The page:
Method, system and device for compensation of Doppler impairments in OFDM wireless communication networks
A system, method and device to overcome the effects of mobility in OFDM wireless cellular networks. Individual beams are isolated and Doppler impairments are compensated so the constituent beams can reach the users in DL with ideally no Doppler impairments. Similarly in UL the signals corresponding to the different spatial beams are detected and their Doppler impairments compensated.
Latest Telefonica, S.A. Patents:
 METHOD AND SYSTEM FOR OPTIMIZING EVENT PREDICTION IN DATA SYSTEMS
 BIOMETRIC USER'S AUTHENTICATION
 Method to assure correct data packet traversal through a particular path of a network
 METHOD AND SYSTEM FOR VALIDATING ORDERED PROOF OF TRANSIT OF TRAFFIC PACKETS IN A NETWORK
 Method for detecting applications of mobile user terminals
The present disclosure has its application within the telecommunication sector, especially, deals with the Doppler impairments caused by user mobility in Orthogonal FrequencyDivision Multiplexing (OFDM) wireless communication systems. More specifically, the present disclosure proposes a method, a system and a device to compensate (at the base station side) the Doppler impairments introduced by user mobility in OFDM wireless cellular networks.
BACKGROUND OF THE DISCLOSURELTE (Long Term Evolution) is the next step in cellular ThirdGeneration (3G) systems, which represents basically an evolution of previous mobile communications standards such as Universal Mobile Telecommunication System (UMTS) and Global System for Mobile Communications (GSM). It is a Third Generation Partnership Project (3GPP) standard that provides throughputs up to 50 Mbps in uplink and up to 100 Mbps in downlink. It uses scalable bandwidth from 1.4 to 20 MHz in order to suit the needs of network operators that have different bandwidth allocations. LTE is also expected to improve spectral efficiency in networks, allowing carriers to provide more data and voice services over a given bandwidth. In order to do that, LTE uses Orthogonal FrequencyDivision Multiple Access (OFDMA) which is a proven access technique, based on Orthogonal FrequencyDivision Multiplexing (OFDM). Other wireless standards like WiFi (IEEE 802.11) or WiMAX (IEEE 802.16) also employ OFDM techniques.
The use of OFDM techniques allow efficient user and data multiplexing in the frequency domain and have many other advantages (for example its ability to resolve the frequency components of the received signal). However, OFDM is highly sensitive to frequency misalignments as well as to Doppler impairments caused by user mobility. Compensation of impairments caused by user speed is of increased importance in wireless cellular systems, particularly in systems employing high carrier frequencies for which Doppler impairments can be very significant. The impact of mobility of the user and/or the environment linearly increases with the carrier frequency. In addition, mobile devices are usually equipped with omnidirectional antennas (or present very limited beamforming capabilities), and chances are high that signals are received over a relatively wide angular region. This fact, together with the existence of multipath, transforms Doppler shifts into Doppler spreads which are much more difficult to compensate at the receive side.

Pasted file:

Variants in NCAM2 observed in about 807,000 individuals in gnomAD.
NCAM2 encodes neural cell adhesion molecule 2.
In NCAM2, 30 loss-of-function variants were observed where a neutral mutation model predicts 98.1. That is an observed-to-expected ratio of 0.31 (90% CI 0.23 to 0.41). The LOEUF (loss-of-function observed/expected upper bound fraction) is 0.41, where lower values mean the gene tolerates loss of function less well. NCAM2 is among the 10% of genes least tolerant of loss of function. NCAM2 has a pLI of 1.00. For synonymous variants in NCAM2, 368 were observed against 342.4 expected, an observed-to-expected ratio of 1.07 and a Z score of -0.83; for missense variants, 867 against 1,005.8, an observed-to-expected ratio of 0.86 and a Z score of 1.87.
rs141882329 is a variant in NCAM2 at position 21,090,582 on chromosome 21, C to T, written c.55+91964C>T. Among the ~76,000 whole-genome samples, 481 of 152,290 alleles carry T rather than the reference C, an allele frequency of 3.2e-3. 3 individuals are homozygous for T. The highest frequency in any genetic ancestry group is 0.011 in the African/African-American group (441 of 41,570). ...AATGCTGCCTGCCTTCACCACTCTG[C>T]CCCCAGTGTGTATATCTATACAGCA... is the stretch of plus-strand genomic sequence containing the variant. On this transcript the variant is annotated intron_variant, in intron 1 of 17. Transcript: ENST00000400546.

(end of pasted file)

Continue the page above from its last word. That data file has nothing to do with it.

Moreover, massive Multiple Input Multiple Output (Massive MIMO) techniques are of increased interest in order to enhance the spectral efficiency per unit area. Massive MIMO (also known as LargeScale Antenna Systems, Very Large MIMO, Hyper MIMO, FullDimension MIMO . . . ) tries to spatially multiplex several users in the same timefrequency resources, thanks to the extra degrees of freedom provided by the high number of antennas at the base station, by employing linear precoding techniques. Extra antennas help by focusing energy into eversmaller regions of space to bring huge improvements in throughput and radiated energy efficiency. Other benefits of massive MIMO include the extensive use of inexpensive lowpower components, reduced latency, simplification of the media access control (MAC) layer, and robustness to intentional jamming. There is currently no definition of how many antennas a system must have to be considered Massive MIMO, but a system with greater than 64 antennas is generally considered a Massive MIMO system.
However, massive MIMO systems and traditional cellular systems can greatly suffer from user mobility if OFDM is employed. Doppler impairments give rise to intercarrier interference and channel estimation impairments, which can be compensated by prior art techniques only up to a certain user speed determined by the actual OFDM frame structure and numerology.
The usual approach when coping with Doppler impairments in OFDM is to estimate the timedomain and frequencydomain channel variations at the receiver side by means of inband pilots, conveniently interspersed with data subcarriers. Pure Doppler shifts are much easier to compensate than Doppler spreads (due to multipath), the latter demanding adaptive equalization techniques that are upperlimited by the rate of variation of the channel. In addition, equalization is only effective up to a certain user speed above which the channel is no longer constant along the duration of an OFDM symbol.
The subcarrier width can be increased when trying to cope with systems with large Doppler impairments, but this leads to shorter OFDM symbol durations. This is typically interesting when the system bandwidth is large (e.g. as foreseen in millimeterwave bands, with up to several GHz potentially available for cellular use). If this is not the case, increasing the subcarrier width is not a valid option.